They’d barely walked a few yards when Tom felt a pull on his arm and turning, he was face to face with one of the port guards. The man was speaking to him and Tom watched his lips in silence hoping to catch an occasional word he understood, to guess the gist of what was being said, but he was at a loss. His English was poor despite it being his mother tongue; he hadn’t used it for many years and this, combined with the fact that the man was talking rapidly, resulted in him being very confused. The wafts of foul, sour breath together with the man’s blackened teeth made him wince and take a step back. The hand on his arm gripped tighter so it was pinching his skin. Tom had no way of hearing him although he could tell from the man’s red face and the way the drool was flying from his mouth that he wasn’t happy with the lack of response. Tom was used to it. He attempted to start his normal hand signals to indicate his deaf and mute status, but it wasn’t easy with one arm held fast.
Suddenly the man’s head whipped around behind him as over his shoulder Tom could see a fight break out beside the ship they’d just disembarked from, and then the guard was gone, running towards the affray. Tom wasn’t going to miss the opportunity to make himself scarce and hefting his sack of belongings higher onto his back he turned and hurried after William towards the road to London. His lack of hearing and speech made him more noticeable despite his desire to blend into the background and he was used to being apprehended everywhere he went. Suspicion and mistrust were the same in every language.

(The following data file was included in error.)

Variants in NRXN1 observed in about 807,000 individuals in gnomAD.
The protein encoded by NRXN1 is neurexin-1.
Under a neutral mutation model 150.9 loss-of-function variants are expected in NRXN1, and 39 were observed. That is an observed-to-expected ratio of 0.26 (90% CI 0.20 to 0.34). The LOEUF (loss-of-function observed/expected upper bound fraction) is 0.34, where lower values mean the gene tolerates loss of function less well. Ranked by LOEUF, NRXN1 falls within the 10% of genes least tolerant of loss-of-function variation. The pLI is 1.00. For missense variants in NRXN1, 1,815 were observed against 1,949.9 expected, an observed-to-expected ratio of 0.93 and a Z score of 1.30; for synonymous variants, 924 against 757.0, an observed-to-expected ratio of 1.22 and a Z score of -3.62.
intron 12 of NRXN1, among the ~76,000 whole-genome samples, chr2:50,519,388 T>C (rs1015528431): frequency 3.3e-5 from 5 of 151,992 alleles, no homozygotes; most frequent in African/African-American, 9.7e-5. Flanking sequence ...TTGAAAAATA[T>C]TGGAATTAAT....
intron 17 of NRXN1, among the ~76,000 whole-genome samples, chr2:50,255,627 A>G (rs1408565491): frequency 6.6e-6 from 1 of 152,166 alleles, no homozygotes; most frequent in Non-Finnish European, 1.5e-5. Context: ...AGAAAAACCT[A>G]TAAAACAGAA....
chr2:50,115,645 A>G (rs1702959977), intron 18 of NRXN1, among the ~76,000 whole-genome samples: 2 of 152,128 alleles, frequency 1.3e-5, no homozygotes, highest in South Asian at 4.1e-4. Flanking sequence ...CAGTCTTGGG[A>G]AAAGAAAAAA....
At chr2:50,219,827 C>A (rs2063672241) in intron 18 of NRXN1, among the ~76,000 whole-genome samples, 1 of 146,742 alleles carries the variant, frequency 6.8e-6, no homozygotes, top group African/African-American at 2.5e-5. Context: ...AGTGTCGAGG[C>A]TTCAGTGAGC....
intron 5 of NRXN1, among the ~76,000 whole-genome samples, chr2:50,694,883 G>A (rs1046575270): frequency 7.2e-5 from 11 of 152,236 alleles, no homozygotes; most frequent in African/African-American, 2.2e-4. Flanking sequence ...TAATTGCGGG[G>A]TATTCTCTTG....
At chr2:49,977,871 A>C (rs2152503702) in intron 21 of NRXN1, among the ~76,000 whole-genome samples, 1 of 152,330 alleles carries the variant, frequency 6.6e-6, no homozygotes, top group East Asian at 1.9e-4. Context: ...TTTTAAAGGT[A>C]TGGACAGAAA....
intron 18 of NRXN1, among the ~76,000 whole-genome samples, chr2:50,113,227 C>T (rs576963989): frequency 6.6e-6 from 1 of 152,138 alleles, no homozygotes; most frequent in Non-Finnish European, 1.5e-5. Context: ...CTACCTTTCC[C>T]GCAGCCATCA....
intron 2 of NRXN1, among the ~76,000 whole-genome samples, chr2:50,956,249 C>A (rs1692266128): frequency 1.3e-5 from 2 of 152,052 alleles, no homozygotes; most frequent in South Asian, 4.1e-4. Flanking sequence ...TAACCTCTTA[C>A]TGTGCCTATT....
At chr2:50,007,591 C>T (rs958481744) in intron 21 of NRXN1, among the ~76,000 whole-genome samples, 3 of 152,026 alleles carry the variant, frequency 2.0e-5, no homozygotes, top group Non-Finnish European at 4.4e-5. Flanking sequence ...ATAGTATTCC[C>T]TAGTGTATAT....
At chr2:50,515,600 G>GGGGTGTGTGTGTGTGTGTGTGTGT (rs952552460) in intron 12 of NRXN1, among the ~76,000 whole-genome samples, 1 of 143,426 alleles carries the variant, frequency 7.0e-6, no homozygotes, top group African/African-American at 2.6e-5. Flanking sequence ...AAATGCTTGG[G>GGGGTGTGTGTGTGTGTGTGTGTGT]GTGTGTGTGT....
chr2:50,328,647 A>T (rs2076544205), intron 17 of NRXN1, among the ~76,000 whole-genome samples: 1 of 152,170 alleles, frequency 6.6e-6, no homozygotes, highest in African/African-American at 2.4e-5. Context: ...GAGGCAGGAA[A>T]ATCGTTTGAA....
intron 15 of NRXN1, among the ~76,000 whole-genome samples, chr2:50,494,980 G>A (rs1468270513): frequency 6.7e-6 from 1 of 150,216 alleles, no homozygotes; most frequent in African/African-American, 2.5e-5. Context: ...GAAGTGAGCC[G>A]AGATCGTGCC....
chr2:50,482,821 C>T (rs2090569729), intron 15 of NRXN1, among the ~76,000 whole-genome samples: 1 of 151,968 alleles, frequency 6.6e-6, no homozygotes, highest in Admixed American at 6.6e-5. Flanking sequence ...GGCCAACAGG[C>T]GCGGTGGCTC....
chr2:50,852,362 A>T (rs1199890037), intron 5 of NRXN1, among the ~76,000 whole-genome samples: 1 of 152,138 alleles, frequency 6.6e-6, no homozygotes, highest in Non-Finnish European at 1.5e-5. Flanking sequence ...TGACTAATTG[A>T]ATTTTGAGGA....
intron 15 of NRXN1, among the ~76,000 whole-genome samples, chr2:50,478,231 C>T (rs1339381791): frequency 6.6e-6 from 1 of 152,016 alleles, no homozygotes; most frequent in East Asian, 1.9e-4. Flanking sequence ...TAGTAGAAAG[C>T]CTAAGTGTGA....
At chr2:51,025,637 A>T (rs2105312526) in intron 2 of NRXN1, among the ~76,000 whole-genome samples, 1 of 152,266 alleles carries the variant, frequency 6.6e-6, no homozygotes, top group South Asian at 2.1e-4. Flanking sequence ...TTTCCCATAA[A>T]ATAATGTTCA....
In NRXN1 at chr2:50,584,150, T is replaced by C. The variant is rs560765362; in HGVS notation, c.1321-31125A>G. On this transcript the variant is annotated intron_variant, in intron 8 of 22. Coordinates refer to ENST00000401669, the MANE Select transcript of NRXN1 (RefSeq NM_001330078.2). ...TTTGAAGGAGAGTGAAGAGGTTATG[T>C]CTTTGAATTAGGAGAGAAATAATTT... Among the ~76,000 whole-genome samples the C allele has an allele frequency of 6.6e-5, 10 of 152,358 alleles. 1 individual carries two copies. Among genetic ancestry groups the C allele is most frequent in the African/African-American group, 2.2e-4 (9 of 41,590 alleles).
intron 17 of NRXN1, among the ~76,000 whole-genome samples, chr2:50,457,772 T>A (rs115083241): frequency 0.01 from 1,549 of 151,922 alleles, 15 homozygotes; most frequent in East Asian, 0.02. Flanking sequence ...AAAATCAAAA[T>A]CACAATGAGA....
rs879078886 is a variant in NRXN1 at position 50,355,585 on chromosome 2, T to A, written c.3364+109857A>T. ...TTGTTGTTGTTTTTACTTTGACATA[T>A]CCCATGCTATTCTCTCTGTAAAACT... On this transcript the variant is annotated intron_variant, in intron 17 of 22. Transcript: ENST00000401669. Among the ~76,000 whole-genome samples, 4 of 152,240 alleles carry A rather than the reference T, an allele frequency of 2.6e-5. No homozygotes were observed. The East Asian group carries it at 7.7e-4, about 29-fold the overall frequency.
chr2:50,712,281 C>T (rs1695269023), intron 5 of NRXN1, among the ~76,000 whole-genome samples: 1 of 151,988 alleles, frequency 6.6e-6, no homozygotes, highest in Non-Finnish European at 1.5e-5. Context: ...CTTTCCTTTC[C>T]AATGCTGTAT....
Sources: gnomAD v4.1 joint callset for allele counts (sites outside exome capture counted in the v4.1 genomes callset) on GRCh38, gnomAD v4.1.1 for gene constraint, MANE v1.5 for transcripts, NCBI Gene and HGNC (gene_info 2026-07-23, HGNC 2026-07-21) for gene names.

The sack containing his belongings was heavy and his precious triptych, a painting in three separate parts crudely hinged together to appear as one when it was opened out, dug into his shoulder with its sharp corners, but Tom didn’t mind. He was pleased to be back in England, the place where he’d been born over forty years previously. His recollections of living here were hazy now, having been taken by his adoptive mother to France when he was still a young boy, just hours before they were hounded from their home by His Majesty’s men. After his father – the only father he could remember – had been murdered by the King. Killed for no reason other than having worked alongside a secretary by the name of Francis Dereham who’d been convicted of committing adultery with Queen Catherine, the King’s fifth wife. Dereham had been executed and his innocent father had died whilst being tortured for information he didn’t have. His adoptive mother had kept their memories alive though, in her drawings, her sign language and the saffron she grew. Nevertheless, he hoped to find a home here once more, somewhere he could feel safe and accepted. People didn’t like you if you were different, and he was certainly that.
Growing up in Surrey, Clare always dreamed of being a writer. Instead, she followed a career in IT, before moving to Norfolk for a quieter life and re-training as a jeweller. Now writing full time, she lives with her husband and the youngest two of her six children. Weekends are spent exploring local castles and monastic ruins, or visiting the nearby coast.